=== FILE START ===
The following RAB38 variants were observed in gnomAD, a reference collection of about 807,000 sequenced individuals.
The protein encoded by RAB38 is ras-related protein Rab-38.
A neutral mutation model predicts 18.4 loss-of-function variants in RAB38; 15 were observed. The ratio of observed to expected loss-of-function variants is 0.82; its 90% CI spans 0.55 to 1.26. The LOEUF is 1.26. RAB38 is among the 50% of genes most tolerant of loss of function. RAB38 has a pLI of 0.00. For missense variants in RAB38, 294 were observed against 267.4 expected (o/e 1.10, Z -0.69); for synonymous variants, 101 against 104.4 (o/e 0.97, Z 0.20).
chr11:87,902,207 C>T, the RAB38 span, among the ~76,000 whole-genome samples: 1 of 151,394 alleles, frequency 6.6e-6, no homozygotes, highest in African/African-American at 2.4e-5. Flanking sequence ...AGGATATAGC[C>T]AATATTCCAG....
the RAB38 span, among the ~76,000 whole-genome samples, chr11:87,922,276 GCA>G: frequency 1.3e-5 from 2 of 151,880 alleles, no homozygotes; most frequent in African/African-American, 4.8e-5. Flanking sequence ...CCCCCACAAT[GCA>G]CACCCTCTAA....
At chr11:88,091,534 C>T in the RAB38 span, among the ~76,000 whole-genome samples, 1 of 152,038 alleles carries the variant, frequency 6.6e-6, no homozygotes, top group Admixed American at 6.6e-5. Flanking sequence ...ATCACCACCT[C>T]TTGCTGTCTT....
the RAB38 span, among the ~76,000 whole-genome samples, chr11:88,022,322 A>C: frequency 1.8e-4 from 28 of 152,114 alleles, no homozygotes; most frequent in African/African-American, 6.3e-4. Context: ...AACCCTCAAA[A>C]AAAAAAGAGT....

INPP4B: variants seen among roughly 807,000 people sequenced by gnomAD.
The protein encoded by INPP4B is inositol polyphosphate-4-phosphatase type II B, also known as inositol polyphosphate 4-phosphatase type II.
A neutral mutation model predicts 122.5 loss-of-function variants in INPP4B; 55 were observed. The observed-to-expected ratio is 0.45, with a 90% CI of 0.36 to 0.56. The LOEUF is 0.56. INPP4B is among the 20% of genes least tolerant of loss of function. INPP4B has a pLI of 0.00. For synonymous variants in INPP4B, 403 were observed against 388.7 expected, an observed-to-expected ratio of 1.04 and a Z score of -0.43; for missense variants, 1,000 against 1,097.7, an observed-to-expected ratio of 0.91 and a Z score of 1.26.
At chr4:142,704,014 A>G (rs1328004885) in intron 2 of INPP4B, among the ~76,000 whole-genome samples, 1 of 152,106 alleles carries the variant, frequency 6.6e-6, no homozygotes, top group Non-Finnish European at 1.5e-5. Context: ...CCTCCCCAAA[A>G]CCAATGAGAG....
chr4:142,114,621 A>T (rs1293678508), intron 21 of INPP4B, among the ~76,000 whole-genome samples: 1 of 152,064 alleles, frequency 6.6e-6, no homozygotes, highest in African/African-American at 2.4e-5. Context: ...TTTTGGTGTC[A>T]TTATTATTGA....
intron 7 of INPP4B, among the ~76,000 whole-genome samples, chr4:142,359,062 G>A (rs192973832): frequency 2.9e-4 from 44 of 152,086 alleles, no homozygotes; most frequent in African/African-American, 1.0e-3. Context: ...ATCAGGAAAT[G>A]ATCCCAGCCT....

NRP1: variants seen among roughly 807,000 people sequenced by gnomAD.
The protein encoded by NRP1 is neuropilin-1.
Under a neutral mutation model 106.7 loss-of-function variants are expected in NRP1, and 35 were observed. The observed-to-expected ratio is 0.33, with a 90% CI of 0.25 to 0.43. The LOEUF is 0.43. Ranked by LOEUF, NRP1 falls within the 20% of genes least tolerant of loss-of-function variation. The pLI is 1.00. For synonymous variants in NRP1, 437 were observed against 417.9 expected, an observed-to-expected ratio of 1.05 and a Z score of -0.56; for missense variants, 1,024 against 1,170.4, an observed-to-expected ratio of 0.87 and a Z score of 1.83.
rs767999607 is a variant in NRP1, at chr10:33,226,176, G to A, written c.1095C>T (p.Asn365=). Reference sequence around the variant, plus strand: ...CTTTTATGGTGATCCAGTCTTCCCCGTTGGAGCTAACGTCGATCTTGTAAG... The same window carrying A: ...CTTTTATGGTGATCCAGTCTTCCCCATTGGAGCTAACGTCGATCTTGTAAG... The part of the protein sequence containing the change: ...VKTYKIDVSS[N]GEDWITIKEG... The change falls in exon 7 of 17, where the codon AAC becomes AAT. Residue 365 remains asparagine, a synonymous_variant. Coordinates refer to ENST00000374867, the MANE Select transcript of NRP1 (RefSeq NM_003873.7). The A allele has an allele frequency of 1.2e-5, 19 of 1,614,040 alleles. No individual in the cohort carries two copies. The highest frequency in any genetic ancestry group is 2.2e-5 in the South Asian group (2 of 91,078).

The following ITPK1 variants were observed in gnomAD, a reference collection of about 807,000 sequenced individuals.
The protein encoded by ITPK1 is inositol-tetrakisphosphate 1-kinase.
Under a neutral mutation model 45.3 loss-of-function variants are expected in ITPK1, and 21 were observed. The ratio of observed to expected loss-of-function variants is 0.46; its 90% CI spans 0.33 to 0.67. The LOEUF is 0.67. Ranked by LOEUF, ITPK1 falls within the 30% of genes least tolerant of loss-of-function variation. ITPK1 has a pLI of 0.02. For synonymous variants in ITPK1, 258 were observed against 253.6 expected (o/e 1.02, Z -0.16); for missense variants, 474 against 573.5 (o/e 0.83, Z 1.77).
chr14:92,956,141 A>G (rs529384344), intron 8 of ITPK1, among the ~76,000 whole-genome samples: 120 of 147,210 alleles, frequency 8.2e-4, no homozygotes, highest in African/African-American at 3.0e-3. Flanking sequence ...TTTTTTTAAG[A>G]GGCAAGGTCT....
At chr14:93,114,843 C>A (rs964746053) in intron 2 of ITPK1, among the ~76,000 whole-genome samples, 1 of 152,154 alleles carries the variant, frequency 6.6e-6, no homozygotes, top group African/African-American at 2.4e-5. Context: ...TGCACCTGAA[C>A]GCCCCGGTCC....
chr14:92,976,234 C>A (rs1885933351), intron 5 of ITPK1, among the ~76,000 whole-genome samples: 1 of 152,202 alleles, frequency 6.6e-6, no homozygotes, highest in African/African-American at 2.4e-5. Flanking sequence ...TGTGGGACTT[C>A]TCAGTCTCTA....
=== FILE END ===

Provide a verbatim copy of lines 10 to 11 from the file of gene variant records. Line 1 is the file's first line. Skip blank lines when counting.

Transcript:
A neutral mutation model predicts 122.5 loss-of-function variants in INPP4B; 55 were observed. The observed-to-expected ratio is 0.45, with a 90% CI of 0.36 to 0.56. The LOEUF is 0.56. INPP4B is among the 20% of genes least tolerant of loss of function. INPP4B has a pLI of 0.00. For synonymous variants in INPP4B, 403 were observed against 388.7 expected, an observed-to-expected ratio of 1.04 and a Z score of -0.43; for missense variants, 1,000 against 1,097.7, an observed-to-expected ratio of 0.91 and a Z score of 1.26.
At chr4:142,704,014 A>G (rs1328004885) in intron 2 of INPP4B, among the ~76,000 whole-genome samples, 1 of 152,106 alleles carries the variant, frequency 6.6e-6, no homozygotes, top group Non-Finnish European at 1.5e-5. Context: ...CCTCCCCAAA[A>G]CCAATGAGAG....